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Some observations: $$\begin{cases}\begin{cases}q+6=pk\Rightarrow q=pk-6\\ p+7=ql\Rightarrow p+7=(pk-6)l\Rightarrow p-pkl=-6l-7\Rightarrow p(kl-1)=6l+7\end{cases} \begin{cases}p+7=ql\Rightarrow p=ql-7\\ q+6=pk\Rightarrow q+6=(ql-7)k\Rightarrow q-qlk=-7k-6\Rightarrow q(kl-1)=7k+6\end{cases}\end{cases}\Rightarrow \begin{cases}p\mid 6l+7\\ q\mid 7k+6\end{cases}$$

So $p$ gives a remainder $1$ when divided by $6$ and $q$ gives a remainer $6$ when divided by $7$. In other words:$$\begin{cases}p\equiv 1\pmod 6\\q\equiv 6\pmod 7\end{cases}$$ All this is probably not useful at all. I've simply written a few of my observations. So could anyone help me out? Thanks.

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    $\begingroup$ How about $p\le q+6$ and $q\le p+7$, which rearranges to $q-7\le p\le q+6$. Further, unless they're both equalities, either $p\le \frac{q+6}{2}$ or $q\le \frac{p+7}{2}$. $\endgroup$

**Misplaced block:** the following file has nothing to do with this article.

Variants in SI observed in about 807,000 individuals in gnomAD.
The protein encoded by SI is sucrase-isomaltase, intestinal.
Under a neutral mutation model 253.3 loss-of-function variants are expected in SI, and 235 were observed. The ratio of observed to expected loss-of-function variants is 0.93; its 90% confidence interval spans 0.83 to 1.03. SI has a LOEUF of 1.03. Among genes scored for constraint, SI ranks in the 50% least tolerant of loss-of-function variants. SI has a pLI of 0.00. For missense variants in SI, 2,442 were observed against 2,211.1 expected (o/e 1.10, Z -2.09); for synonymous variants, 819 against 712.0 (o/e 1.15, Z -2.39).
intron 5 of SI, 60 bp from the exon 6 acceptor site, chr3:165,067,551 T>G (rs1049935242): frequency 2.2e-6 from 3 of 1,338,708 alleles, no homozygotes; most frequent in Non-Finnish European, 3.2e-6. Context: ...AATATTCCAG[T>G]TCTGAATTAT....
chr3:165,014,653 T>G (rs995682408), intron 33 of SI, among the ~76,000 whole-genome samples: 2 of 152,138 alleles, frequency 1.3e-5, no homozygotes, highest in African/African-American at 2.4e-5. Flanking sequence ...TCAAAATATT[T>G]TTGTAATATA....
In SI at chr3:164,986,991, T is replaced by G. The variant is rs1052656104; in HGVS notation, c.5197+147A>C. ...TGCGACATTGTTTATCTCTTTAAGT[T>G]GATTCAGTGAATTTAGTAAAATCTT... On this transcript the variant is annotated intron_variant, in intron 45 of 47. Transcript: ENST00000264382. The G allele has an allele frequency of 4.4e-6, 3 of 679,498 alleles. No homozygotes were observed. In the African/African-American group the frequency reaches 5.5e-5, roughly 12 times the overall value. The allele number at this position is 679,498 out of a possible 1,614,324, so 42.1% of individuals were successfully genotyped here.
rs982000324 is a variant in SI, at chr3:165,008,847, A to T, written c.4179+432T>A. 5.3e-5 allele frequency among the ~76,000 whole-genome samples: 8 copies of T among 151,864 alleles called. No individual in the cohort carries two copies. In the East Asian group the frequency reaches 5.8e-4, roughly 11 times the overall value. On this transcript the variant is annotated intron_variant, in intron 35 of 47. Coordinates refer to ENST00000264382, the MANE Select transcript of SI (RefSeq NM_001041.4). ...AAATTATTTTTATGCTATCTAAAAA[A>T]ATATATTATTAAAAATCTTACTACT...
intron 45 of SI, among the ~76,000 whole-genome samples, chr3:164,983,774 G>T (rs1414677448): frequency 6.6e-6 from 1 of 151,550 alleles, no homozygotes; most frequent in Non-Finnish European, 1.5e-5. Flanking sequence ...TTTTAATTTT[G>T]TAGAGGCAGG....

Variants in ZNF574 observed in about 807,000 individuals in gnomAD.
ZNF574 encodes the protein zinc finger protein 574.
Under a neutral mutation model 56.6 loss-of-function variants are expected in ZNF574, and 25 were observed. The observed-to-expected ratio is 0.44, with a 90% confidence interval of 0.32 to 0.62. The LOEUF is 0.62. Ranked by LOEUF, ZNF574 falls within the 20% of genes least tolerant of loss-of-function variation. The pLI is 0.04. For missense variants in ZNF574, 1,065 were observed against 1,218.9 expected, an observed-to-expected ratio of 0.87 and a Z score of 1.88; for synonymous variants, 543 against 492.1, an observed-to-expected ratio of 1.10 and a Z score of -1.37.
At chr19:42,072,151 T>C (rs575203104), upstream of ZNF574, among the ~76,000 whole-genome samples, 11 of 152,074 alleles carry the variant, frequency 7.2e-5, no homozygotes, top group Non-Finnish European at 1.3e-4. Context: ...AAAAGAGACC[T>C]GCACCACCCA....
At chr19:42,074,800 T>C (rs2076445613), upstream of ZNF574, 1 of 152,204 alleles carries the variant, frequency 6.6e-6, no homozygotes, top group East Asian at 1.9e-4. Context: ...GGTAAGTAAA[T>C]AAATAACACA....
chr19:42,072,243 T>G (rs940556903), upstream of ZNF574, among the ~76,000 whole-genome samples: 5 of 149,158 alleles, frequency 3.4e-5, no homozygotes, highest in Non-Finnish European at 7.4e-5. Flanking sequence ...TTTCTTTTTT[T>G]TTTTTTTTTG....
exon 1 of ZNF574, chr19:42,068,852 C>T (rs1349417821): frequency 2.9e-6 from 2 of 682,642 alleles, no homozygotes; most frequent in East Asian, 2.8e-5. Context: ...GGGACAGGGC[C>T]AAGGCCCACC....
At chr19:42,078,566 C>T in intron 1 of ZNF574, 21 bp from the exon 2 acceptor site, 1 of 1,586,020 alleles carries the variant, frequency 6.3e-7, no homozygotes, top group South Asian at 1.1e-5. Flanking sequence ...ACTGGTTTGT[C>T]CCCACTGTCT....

– vadim123
    Dec 23, 2013 at 1:27
  • $\begingroup$ @vadim123 how did you get the last bounds? $\endgroup$
    – Ian Mateus
    Dec 23, 2013 at 1:35
  • $\begingroup$ If $a|b$ then there is some integer $c$ such that $ac=b$. Assume $a,b,c>0$. If $c\neq 1$, then $c\ge 2$. $\endgroup$
    – vadim123
    Dec 23, 2013 at 1:37

1 Answer 1

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Note that the size of $p$ and $q$ is limited by the two conditions: $$p \mid q+6 \text{ and } q \mid p+7 \Rightarrow pq \mid (6p+7q+42) \Rightarrow pq \leq (6p+7q+42)$$ Now you can show that $p,q\geq 16$ is a contradiction to the above inequality. So either $p \leq 13$ or $q \leq 13$. But as we have the two divisibility conditions, this also limits the other number (to $19$ in this example). So you find all solutions by testing numbers smaller than these bounds.

Hint: If you want to cross-check your result: I found exactly one tuple $(p,q)$ satisfying the properties.

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